What are Enzymes?
Enzymes are biological catalysts - catalysts are substances that increase the rate of chemical reactions without being used up. Enzymes are also proteins that are folded into complex shapes that allow smaller molecules to fit into them. The place where these substrate molecules fit is called the active site.
If the shape of the enzyme changes, its active site may no longer work. We say the enzyme has been denatured. They can be denatured by high temperatures or extremes of pH. Note that it is wrong to say the enzyme has been killed. Although enzymes are made by living things, they are proteins, and not alive.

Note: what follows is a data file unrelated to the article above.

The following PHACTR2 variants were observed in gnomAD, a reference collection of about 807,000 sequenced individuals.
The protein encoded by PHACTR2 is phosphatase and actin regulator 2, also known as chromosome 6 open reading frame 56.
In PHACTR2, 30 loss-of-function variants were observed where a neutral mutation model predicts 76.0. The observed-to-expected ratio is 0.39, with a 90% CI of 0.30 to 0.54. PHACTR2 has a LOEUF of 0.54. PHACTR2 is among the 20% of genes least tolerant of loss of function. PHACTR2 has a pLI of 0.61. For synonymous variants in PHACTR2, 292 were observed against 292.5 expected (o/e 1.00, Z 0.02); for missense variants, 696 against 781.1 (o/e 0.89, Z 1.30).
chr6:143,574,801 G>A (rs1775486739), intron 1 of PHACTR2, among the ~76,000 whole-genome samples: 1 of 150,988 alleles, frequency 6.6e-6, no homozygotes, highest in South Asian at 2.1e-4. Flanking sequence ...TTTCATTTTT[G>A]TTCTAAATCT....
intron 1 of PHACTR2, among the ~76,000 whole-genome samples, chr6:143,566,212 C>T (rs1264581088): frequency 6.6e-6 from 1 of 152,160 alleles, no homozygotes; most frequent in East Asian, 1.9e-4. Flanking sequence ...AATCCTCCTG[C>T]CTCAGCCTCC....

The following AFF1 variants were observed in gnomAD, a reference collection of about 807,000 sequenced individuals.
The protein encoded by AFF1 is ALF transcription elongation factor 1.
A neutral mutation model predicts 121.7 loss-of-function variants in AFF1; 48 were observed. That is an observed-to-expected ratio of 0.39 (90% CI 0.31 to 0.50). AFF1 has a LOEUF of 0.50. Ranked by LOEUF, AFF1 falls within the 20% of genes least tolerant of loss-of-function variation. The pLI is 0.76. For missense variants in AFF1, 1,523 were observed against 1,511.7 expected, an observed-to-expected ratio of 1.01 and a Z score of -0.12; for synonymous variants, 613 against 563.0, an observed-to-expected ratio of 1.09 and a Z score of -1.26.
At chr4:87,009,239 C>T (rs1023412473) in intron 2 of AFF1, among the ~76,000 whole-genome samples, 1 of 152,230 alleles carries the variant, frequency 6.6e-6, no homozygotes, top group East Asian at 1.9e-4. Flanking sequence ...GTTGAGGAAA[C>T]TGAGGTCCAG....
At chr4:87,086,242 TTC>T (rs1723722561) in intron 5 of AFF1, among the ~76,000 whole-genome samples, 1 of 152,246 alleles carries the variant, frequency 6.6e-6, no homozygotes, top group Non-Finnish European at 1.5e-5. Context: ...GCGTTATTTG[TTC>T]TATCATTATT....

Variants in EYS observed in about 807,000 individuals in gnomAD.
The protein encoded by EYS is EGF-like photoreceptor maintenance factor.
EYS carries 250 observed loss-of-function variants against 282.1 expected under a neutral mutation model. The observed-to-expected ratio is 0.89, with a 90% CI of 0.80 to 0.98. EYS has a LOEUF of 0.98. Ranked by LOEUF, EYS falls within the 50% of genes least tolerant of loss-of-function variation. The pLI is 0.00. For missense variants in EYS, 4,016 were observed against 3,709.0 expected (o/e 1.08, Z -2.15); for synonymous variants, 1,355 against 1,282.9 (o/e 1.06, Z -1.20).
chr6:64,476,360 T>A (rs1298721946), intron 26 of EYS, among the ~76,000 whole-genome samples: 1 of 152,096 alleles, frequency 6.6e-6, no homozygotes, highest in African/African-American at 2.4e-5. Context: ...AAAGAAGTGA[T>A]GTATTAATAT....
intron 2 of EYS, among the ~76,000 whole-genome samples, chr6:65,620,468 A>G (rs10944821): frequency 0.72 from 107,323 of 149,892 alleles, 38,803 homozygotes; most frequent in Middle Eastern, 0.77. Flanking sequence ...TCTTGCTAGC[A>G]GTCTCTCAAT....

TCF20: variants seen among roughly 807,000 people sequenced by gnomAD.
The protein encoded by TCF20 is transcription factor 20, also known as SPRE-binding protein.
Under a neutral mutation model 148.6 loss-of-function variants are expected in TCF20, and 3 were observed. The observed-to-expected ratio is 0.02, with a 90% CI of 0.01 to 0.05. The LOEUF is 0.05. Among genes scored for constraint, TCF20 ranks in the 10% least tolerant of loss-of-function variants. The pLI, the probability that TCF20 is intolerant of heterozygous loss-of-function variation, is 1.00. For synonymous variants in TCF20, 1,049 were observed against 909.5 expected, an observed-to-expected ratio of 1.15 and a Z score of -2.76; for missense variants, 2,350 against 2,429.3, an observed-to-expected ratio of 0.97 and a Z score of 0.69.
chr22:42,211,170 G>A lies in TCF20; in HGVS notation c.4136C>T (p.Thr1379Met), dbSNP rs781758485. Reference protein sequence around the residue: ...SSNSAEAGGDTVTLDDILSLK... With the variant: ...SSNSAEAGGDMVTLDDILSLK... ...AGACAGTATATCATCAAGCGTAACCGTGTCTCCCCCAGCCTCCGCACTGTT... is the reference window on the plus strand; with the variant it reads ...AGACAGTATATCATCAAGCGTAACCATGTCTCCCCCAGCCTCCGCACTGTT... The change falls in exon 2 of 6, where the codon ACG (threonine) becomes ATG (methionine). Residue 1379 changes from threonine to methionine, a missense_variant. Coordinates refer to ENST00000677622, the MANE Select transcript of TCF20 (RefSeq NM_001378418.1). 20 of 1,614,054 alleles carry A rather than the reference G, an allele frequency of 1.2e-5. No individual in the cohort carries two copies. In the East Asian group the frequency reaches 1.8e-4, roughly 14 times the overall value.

Temperature and enzymes
As the temperature increases, so does the rate of reaction. But very high temperatures denature enzymes.
The graph shows the typical change in an enzyme's activity with increasing temperature. The enzyme activity gradually increases with temperature until around 37ºC, or body temperature. Then, as the temperature continues to rise, the rate of reaction falls rapidly, as heat energy denatures the enzyme.
pH and enzymes
Changes in pH alter an enzyme’s shape. Different enzymes work best at different pH values. The optimum pH for an enzyme depends on where it normally works. For example, intestinal enzymes have an optimum pH of about 7.5. Enzymes in the stomach have an optimum pH of about 2.
Enzymes and respiration
Enzymes in cells catalyse photosynthesis, protein synthesis - joining amino acids together, and aerobic respiration.